Model Driven DoDAF Architecture: Building for Change
On first glance, the marriage of Dovèl Technologies and ZapThink might appear to be somewhat of a mismatch: boutique Federal contractor acquires iconoclastic architecture thought leadership firm? But look below the surface, and the synergies become apparent, as Dovèl has long had an iconoclastic approach to architecture, since after all, we focus on architecture that actually works.
In the commercial world, delivering software solutions that work is the norm (or at least, relatively common), but unfortunately, in the world of government contracting, it seems that so many initiatives are little more than thinly veiled money pits – a fine example of our tax dollars at work. Federal architecture initiatives are a case in point: so many architecture projects in the government yield little more than checklist architectures, a problem ZapThink discussed in irreverent detail about a year ago.
In that article, ZapThink called out the Department of Defense Architecture Framework (DoDAF) as a blatant example of the checklist architecture problem. To be sure, many DoDAF efforts yield little more than multiple binders of documentation. But any architecture framework is nothing more than a tool, and whether a tool helps solve a problem depends more on how it is used than on the tool itself. In fact, at Dovèl, we have found DoDAF to be valuable for architecting systems that not only work, but that meet evolving business needs. Our secret? Combining DoDAF with Model-Driven Architecture (MDA) to implement a dynamic delivery approach that gives our client a solution that automatically responds to change.
Connecting MDA and DoDAF
MDA is a software design approach from the Object Management Group (OMG) which provides a set of guidelines for structuring specifications expressed as models. It also offers a common approach for designing and building systems that remain decoupled from the eventual languages, platforms and middleware environments that will support them. Architects use MDA to define platform independent models that can be translated into one or more platform specific models for the actual implementation.
For many years the US Department of Defense (DoD), and in fact, the entire Federal government, has been struggling to connect their business initiatives to the technologies that help realize these initiatives. For this reason, the DoD leveraged MDA to develop DoDAF. The intent of DoDAF was to provide a different way to specify and build systems: a mechanism for DoD programs to design their systems once and then transition them over time when new technology comes along.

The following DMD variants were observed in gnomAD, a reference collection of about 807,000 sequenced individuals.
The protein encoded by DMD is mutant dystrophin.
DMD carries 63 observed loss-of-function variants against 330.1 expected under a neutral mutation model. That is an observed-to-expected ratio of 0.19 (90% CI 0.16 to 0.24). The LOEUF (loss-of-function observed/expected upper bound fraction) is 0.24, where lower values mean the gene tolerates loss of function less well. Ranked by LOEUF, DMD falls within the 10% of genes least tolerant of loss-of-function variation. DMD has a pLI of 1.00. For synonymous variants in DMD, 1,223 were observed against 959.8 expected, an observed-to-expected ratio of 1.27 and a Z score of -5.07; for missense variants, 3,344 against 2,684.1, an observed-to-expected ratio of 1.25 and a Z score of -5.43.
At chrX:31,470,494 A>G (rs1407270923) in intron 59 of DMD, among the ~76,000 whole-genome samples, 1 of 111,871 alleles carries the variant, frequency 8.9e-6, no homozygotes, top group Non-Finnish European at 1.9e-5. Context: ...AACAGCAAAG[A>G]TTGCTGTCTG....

Unfortunately, typical DoDAF initiatives end up with unimplemented architectures, or at a minimum, architecture artifacts that are not reusable during implementation. To address these problems, Dovèl developed an MDA-based approach for a Federal agency that assisted in continuous code generation – one of the more advanced capabilities of MDA. We provided an end-to-end integrated architecture from requirements through execution. This forward-engineering approach was continuously repeatable, helping to establish a living architecture that actively guided and governed system development through system delivery.
The figure below illustrates the deployed system. We used a model-driven approach that generated reusable artifacts that implementation specific tools can consume, thereby enabling forward compatibility, and that supported tracing to requirements for backward compatibility. In essence, we achieved continuous code generation. Basically, every artifact that the MDA tool generated was consumable by the implementation tools.
Integrated MDA Process
We used an integrated Enterprise Architecture tool to model the various DoDAF views. It also supported the ability to export the views for development, in XML Process Definition Language (XPDL) format compatible with a chosen development tool.
Multiple DoDAF viewpoints captured the integrated architecture, each of which conveyed different aspects of the architecture across several products, as shown in the table below.
DoDAF Architectural Viewpoint
|Operational Viewpoint (OV)||Describes the tasks, activities, participating nodes, and associated information exchanges required to perform a mission.|
|Systems Viewpoint (SV)||Describes the systems of concern and their connections in the context of the OV.|
|Services Viewpoint (SvcV)||Identifies the Services, Service items and the information exchanges between the Services.|